In dramatic collapse, a mining-era relic comes down in Deer Valley
A large remnant of Park City’s silver-mining era collapsed in Deer Valley early Friday, City Hall said, leaving a hulking piece of steel equipment sideways on the ground in what is among the most dramatic scenes in years involving a relic from the mining days.
The shaft of the Daly West Mine, situated outside the Montage Deer Valley in Empire Pass, started to cave in on the sides, Jason Glidden, a spokesperson for City Hall, said. The derrick, or head frame, is the part that is visible on the surface. It collapsed as a result of the shaft caving in.
Investigators from the Park City Building Department said the collapse was a result of several factors, including the saturation of the soil, the instability of the ground at the location and a mild winter without a deep frost. There are no known witnesses. Orange construction fencing was posted afterward. A wooden fence also surrounds the site.
The Jordanelle Special Service District, a Wasatch County water provider, owns the shaft. Darrel Scow, the interim general manager, said the district was aware of a small hole at the site but was unable to address the issue with structural foam and concrete during the winter. Rainy weather made the situation worse, he said. The Jordanelle Special Service District was scheduled to start repairs on May 18.
Scow said half of the derrick is in the hole and not visible. The rest is what can been seen. He said it was a "very stable situation" early in the week.
According to Scow, the shaft reaches a depth of 1,600 feet, where it intersects with the Ontario Drain Tunnel. The shaft provides a vent and some water to the Ontario Drain Tunnel, which is a drinking-water source for the Jordanelle Special Service District, he said.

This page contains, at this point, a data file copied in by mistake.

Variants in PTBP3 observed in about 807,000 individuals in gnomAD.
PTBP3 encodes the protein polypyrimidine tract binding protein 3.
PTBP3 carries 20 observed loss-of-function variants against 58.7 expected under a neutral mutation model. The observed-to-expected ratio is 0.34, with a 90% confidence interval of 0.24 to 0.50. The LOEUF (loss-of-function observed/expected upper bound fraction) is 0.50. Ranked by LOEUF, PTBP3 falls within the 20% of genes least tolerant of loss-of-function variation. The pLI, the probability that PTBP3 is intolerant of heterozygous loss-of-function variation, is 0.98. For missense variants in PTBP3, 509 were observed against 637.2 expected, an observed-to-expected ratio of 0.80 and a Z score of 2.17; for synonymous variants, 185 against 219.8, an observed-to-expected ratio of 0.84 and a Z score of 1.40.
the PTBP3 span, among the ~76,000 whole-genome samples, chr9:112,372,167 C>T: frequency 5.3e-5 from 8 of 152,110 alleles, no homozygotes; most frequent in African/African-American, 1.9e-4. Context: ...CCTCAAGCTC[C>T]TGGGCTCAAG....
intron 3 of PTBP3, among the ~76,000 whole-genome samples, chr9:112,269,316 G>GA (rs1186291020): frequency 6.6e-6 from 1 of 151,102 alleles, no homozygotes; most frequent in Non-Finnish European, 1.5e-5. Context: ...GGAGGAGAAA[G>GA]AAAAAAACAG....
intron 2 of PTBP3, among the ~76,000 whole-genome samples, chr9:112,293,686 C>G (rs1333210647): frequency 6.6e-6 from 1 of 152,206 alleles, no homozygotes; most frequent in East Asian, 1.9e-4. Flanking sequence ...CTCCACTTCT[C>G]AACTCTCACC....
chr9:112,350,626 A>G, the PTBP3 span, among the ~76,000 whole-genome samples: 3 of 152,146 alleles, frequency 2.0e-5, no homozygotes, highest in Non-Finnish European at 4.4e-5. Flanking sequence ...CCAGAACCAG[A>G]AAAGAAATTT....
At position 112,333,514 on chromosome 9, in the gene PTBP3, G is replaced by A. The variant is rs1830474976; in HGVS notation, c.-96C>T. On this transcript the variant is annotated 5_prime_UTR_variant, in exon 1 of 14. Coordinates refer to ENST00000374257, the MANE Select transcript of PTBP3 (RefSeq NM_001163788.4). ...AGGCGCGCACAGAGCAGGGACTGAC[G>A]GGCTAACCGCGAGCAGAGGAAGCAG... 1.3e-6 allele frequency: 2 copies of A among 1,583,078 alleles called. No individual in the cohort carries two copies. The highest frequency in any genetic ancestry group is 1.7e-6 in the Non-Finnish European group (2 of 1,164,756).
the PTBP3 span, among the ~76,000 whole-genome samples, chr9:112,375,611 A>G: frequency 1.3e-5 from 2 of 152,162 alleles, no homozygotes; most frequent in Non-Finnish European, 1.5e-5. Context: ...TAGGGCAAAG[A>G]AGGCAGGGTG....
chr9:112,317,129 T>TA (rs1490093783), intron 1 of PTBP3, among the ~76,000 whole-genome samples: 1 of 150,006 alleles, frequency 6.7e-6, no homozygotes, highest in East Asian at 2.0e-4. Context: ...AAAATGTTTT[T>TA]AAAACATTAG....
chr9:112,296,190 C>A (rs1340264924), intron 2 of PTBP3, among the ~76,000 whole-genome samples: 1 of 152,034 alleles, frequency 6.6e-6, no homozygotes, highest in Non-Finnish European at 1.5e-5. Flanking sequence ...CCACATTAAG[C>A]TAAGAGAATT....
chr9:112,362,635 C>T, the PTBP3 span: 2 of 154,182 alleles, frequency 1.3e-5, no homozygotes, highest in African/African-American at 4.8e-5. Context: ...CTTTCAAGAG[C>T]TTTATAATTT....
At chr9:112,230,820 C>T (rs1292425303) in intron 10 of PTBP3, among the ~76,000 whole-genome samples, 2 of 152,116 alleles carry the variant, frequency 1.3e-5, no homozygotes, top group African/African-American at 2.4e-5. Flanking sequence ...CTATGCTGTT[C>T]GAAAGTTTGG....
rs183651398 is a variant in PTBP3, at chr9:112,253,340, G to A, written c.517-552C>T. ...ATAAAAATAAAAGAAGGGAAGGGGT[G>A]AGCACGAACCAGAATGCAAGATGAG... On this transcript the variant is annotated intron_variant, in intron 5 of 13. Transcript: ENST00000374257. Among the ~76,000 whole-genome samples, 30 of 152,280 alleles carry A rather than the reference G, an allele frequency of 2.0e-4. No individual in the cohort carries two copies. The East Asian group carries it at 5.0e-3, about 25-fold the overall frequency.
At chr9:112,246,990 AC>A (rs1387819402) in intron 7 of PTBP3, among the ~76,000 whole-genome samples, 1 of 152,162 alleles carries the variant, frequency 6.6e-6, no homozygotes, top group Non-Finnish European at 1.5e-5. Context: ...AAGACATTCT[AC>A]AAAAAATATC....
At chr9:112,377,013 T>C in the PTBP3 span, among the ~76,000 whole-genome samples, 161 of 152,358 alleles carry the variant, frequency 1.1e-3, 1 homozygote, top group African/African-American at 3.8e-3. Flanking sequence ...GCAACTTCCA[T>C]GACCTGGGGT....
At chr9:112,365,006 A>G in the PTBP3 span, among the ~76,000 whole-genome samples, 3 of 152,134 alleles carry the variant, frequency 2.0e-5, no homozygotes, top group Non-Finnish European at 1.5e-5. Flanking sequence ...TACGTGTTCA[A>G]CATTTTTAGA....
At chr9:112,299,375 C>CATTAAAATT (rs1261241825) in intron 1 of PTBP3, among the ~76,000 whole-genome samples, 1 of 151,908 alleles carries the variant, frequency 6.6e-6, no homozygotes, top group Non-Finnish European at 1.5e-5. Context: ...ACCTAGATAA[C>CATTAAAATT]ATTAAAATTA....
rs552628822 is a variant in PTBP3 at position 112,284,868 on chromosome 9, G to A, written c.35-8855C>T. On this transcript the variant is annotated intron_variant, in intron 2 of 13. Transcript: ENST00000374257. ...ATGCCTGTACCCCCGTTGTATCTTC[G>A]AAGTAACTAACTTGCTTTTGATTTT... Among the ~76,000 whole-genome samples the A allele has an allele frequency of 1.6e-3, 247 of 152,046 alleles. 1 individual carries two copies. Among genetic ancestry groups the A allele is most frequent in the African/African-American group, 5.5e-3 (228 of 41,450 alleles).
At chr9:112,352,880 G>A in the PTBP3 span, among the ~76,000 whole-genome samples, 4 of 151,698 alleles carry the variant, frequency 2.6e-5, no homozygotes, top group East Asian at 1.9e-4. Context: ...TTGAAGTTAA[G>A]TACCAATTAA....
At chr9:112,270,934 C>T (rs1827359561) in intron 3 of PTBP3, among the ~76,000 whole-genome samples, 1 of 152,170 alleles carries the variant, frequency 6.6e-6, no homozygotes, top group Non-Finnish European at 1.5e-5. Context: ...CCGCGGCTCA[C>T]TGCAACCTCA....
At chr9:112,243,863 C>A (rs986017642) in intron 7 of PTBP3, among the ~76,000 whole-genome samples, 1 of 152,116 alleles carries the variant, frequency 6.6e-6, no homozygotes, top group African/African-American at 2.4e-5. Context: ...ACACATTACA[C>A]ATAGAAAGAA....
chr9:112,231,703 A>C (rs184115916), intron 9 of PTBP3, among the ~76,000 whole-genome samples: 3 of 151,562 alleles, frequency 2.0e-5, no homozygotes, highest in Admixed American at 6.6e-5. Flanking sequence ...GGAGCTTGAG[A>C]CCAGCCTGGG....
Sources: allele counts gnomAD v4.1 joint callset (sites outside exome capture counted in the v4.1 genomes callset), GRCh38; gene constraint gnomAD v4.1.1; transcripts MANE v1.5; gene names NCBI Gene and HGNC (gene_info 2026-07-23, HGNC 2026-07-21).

Park City was founded as a silver-mining camp and the industry drove the local economy into the middle of the 20th century. As the price of silver dropped, the silver mines were shuttered and the ski industry eventually took hold. Numerous mining relics remain in the mountains, though.
The Daly West site was one of the historic highlights in what was for years a largely undeveloped swath of Park City. It became visible to the masses with the expansion of lift-served skiing and the Empire Pass development.
"We lost a big part of our mining history, our physical representation of it," said Sandra Morrison, the executive director of the Park City Museum.
The steel equipment on its side is the head frame. When the mine was in operation, the head frame housed the cages that took miners up and down the shaft, Morrison said, describing the head frame as part of the hoisting system that also brought ore to the surface.
There are two other mining-era head frames remaining in Park City. One is at the site of the Ontario Mine off Marsac Avenue just south of Old Town. The other is inside the historic Silver King building at the bottom terminal of the Bonanza lift at Park City Mountain Resort.
The Daly West head frame is believed to have been built sometime after 1912, according to City Hall paperwork prepared as part of an inventory of historic sites in the city. It was 85 feet tall. The site was considered significant to Park City’s history as the paperwork was readied in 2009.
"The physical elements of the site, even lacking all of the other mine-related structures, convey a sense of Western mining operations of the late nineteenth and early twentieth centuries. Though the lack of surrounding structures and the intrusion of the contemporary development significantly diminish the historic character," the paperwork says.
Anya Grahn, the preservation planner at City Hall, said she started researching methods to preserve the site after the collapse. She spoke to a state historic architect on Monday to discuss the situation. She said the "interpretive value of that structure" was not lost completely.
Grahn said she hopes the head frame can be preserved by putting it upright again. Grahn and a representative of the Park City Building Department plan to provide an update to Mayor Jack Thomas and the Park City Council at a meeting on Thursday.
"It’s still telling a lot about the industrial past of Park City," Grahn said.
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